When a DoS attack is carried out using a vast number of computers at the same time, it's called a Distributed Denial of Service attack. To do this, hackers use zombie computers or botnets.

As hacking techniques and tools become more advanced, the scale of DDoS attacks increases.

Since the traffic is coming from many IP addresses all over the world, this type of attack is more challenging for network administrators to defend against. DDoS attackers are usually motivated by revenge, blackmail, or activism.

Watering Hole Attacks and Fake WAPs

If you like watching nature documentaries, you've probably seen footage of predators hiding and waiting near watering holes since it's an ideal hunting spot. The following two hacking techniques work on the same principle: herding a large number of unsuspecting victims in one place makes for easy prey.

A watering hole attack involves monitoring which websites are most frequently visited by a company or organization and compromising one or several of them with malware. After that, it's only a matter of time before the malware spreads to someone from the targeted group who will, in turn, spread it to the others. Hackers looking for specific data may focus only on specific IP addresses since this will also make the attack more difficult to detect.

Following the same principle, hackers can fake a wireless access point (WAP). This is a very easy technique since all you need is a wireless network and simple software. They'll give the fake WAP a legitimate sounding name like Starbucks WiFi and link it to the official WAP. Once you connect, they can track and intercept your data streams, infect your devices with malware and hijack them for a variety of purposes.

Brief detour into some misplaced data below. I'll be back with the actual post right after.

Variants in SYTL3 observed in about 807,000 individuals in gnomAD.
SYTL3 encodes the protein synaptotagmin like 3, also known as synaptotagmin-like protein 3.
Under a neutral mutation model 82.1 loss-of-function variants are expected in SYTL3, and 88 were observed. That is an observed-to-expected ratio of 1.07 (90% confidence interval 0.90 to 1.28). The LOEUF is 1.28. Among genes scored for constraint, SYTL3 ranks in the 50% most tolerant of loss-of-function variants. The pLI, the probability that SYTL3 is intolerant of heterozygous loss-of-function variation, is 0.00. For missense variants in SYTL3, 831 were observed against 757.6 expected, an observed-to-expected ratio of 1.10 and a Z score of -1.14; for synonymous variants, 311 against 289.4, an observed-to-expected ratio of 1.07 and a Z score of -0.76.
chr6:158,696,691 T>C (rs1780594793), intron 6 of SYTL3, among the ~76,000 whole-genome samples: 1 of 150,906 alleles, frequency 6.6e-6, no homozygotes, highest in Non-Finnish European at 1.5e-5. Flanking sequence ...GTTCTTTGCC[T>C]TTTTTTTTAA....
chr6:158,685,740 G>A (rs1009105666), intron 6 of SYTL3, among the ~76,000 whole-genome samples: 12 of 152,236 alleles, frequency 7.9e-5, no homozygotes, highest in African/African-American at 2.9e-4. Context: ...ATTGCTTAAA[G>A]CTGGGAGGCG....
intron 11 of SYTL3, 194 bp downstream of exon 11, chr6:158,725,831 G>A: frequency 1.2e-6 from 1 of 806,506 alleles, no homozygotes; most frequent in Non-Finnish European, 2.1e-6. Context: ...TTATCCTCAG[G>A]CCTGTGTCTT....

Phishing is one of the most widely known and commonly used hacking techniques. Although most people have heard about it, it's still very effective due to its heavy reliance on social engineering. By now, most people know that if they receive some random email, they shouldn't click on any links or open attachments. And hackers know that people know, so they use social engineering to give them a compelling reason to do it.

They'll send an email that looks like it came from someone the target trusts, such as their employer or a company they do business with. During tax season, for example, they can take advantage of people's anxiety about their tax returns by sending emails that seem to be from the IRS. The emails are made to appear legitimate and have a sense of urgency, perhaps informing the target that fraudulent activity has been discovered on their account and providing them with instructions on what to do to resolve the issue.

The email will contain a link the target has to click or an attachment they need to open. If they do it, they'll install malware on their devices. The link may even direct them to a very legitimate-looking website that instructs them to log in. Once they do this, they've essentially handed over their credentials to the hackers